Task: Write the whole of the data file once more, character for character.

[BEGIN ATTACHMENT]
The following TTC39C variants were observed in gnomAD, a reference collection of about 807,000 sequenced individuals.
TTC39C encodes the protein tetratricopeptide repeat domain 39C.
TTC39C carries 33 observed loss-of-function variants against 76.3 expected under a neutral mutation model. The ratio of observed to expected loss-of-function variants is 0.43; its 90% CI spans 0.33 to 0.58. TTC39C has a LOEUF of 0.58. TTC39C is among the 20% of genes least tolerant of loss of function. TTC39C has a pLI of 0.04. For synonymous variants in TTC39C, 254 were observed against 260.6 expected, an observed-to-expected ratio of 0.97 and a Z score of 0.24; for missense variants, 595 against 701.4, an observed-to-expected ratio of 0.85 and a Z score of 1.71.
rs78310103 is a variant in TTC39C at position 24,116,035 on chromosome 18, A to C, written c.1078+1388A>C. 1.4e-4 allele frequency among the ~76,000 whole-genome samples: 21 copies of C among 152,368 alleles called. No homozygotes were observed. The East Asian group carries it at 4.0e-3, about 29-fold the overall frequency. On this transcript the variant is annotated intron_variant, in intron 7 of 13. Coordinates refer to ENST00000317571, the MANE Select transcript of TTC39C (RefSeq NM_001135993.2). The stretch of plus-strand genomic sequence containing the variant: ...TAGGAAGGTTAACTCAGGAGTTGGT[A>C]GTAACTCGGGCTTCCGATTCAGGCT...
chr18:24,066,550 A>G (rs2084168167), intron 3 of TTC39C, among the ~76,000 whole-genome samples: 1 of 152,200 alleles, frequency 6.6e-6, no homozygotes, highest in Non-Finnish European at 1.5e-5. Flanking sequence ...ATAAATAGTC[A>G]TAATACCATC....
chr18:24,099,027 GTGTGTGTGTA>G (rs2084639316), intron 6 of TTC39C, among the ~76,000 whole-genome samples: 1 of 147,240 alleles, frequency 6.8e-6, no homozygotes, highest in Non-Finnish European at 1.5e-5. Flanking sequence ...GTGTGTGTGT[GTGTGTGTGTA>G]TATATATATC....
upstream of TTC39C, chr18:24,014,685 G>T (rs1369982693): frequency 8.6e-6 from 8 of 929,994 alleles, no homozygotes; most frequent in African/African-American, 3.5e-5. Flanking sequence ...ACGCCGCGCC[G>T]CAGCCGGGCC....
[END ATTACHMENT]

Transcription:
The following TTC39C variants were observed in gnomAD, a reference collection of about 807,000 sequenced individuals.
TTC39C encodes the protein tetratricopeptide repeat domain 39C.
TTC39C carries 33 observed loss-of-function variants against 76.3 expected under a neutral mutation model. The ratio of observed to expected loss-of-function variants is 0.43; its 90% CI spans 0.33 to 0.58. TTC39C has a LOEUF of 0.58. TTC39C is among the 20% of genes least tolerant of loss of function. TTC39C has a pLI of 0.04. For synonymous variants in TTC39C, 254 were observed against 260.6 expected, an observed-to-expected ratio of 0.97 and a Z score of 0.24; for missense variants, 595 against 701.4, an observed-to-expected ratio of 0.85 and a Z score of 1.71.
rs78310103 is a variant in TTC39C at position 24,116,035 on chromosome 18, A to C, written c.1078+1388A>C. 1.4e-4 allele frequency among the ~76,000 whole-genome samples: 21 copies of C among 152,368 alleles called. No homozygotes were observed. The East Asian group carries it at 4.0e-3, about 29-fold the overall frequency. On this transcript the variant is annotated intron_variant, in intron 7 of 13. Coordinates refer to ENST00000317571, the MANE Select transcript of TTC39C (RefSeq NM_001135993.2). The stretch of plus-strand genomic sequence containing the variant: ...TAGGAAGGTTAACTCAGGAGTTGGT[A>C]GTAACTCGGGCTTCCGATTCAGGCT...
chr18:24,066,550 A>G (rs2084168167), intron 3 of TTC39C, among the ~76,000 whole-genome samples: 1 of 152,200 alleles, frequency 6.6e-6, no homozygotes, highest in Non-Finnish European at 1.5e-5. Flanking sequence ...ATAAATAGTC[A>G]TAATACCATC....
chr18:24,099,027 GTGTGTGTGTA>G (rs2084639316), intron 6 of TTC39C, among the ~76,000 whole-genome samples: 1 of 147,240 alleles, frequency 6.8e-6, no homozygotes, highest in Non-Finnish European at 1.5e-5. Flanking sequence ...GTGTGTGTGT[GTGTGTGTGTA>G]TATATATATC....
upstream of TTC39C, chr18:24,014,685 G>T (rs1369982693): frequency 8.6e-6 from 8 of 929,994 alleles, no homozygotes; most frequent in African/African-American, 3.5e-5. Flanking sequence ...ACGCCGCGCC[G>T]CAGCCGGGCC....